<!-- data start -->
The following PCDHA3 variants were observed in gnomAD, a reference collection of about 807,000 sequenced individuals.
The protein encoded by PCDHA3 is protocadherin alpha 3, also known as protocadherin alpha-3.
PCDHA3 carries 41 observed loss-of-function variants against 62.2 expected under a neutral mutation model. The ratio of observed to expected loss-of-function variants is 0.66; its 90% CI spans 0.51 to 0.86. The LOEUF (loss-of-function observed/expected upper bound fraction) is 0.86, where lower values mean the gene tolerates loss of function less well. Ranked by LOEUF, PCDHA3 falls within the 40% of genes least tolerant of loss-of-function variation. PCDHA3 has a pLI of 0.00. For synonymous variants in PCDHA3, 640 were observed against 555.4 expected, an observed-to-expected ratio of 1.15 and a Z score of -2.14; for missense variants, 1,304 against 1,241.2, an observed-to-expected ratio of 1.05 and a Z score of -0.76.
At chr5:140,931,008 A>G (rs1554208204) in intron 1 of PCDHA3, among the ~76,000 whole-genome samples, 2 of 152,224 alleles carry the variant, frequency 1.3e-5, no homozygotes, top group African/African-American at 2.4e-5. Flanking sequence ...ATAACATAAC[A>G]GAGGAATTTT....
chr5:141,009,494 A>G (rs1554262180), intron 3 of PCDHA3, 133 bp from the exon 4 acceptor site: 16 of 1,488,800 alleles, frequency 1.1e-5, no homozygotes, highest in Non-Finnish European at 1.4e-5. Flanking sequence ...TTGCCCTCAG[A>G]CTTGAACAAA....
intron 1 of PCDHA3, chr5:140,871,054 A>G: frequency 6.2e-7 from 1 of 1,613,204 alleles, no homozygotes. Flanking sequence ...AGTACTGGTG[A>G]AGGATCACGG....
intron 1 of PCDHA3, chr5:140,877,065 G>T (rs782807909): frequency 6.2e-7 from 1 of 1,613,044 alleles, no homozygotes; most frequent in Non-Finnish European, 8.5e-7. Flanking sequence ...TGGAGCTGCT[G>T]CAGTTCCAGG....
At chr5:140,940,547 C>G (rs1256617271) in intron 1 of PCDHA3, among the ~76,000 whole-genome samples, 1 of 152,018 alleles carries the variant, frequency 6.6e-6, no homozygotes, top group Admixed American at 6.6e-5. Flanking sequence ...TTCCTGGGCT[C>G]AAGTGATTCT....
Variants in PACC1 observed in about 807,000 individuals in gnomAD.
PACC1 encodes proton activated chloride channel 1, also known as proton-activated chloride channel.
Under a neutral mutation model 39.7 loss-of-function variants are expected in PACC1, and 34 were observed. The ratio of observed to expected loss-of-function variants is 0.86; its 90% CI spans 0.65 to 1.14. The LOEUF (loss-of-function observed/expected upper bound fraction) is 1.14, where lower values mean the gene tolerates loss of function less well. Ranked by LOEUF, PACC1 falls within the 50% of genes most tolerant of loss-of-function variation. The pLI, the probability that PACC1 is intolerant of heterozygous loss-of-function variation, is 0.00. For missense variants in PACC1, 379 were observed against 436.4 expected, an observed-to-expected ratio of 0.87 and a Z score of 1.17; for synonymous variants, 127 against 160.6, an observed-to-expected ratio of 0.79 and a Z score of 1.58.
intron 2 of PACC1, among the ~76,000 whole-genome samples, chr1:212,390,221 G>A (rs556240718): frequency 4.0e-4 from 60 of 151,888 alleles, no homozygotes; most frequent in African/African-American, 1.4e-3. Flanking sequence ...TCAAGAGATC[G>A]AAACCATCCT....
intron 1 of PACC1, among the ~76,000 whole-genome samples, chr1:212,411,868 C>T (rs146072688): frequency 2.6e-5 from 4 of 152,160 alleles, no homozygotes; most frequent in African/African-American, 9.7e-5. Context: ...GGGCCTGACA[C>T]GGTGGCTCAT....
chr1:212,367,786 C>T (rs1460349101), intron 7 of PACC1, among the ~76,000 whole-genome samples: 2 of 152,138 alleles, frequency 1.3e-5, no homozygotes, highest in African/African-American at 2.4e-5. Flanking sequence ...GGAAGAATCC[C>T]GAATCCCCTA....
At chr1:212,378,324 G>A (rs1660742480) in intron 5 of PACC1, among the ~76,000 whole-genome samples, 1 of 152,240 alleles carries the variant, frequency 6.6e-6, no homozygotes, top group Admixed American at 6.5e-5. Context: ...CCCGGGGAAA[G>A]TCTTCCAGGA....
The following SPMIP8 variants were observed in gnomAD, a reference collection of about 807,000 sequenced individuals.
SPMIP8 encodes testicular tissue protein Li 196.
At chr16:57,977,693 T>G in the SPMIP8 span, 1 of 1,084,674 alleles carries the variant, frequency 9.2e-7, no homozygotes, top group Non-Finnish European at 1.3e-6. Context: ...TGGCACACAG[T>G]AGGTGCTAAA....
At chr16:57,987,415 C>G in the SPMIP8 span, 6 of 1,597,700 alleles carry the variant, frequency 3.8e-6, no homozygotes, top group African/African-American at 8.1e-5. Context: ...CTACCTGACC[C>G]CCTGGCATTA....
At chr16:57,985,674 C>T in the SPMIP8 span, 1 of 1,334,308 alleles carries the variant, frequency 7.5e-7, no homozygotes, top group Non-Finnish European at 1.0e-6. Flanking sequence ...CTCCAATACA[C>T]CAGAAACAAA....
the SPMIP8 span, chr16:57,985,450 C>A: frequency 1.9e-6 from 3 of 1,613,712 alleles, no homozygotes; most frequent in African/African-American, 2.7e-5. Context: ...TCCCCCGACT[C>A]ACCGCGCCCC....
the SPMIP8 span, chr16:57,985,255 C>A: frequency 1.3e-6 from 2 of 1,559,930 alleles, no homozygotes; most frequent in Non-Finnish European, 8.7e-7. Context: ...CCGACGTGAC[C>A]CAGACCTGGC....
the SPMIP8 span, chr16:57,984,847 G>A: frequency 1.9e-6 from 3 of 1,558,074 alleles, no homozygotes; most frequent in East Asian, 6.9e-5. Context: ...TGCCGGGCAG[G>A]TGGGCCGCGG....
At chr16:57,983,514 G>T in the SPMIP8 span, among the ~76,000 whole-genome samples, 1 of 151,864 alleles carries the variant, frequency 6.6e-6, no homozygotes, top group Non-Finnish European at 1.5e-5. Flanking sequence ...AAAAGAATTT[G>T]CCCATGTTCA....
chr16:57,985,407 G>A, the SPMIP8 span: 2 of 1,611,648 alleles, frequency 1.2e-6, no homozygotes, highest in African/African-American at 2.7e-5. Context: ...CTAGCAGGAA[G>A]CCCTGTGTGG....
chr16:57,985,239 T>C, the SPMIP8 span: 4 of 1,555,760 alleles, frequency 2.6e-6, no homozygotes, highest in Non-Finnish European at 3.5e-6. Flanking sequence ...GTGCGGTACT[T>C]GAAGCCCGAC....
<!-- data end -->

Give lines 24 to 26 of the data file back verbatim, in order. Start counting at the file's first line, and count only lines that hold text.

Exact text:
At chr16:57,983,514 G>T in the SPMIP8 span, among the ~76,000 whole-genome samples, 1 of 151,864 alleles carries the variant, frequency 6.6e-6, no homozygotes, top group Non-Finnish European at 1.5e-5. Flanking sequence ...AAAAGAATTT[G>T]CCCATGTTCA....
chr16:57,985,407 G>A, the SPMIP8 span: 2 of 1,611,648 alleles, frequency 1.2e-6, no homozygotes, highest in African/African-American at 2.7e-5. Context: ...CTAGCAGGAA[G>A]CCCTGTGTGG....
chr16:57,985,239 T>C, the SPMIP8 span: 4 of 1,555,760 alleles, frequency 2.6e-6, no homozygotes, highest in Non-Finnish European at 3.5e-6. Flanking sequence ...GTGCGGTACT[T>C]GAAGCCCGAC....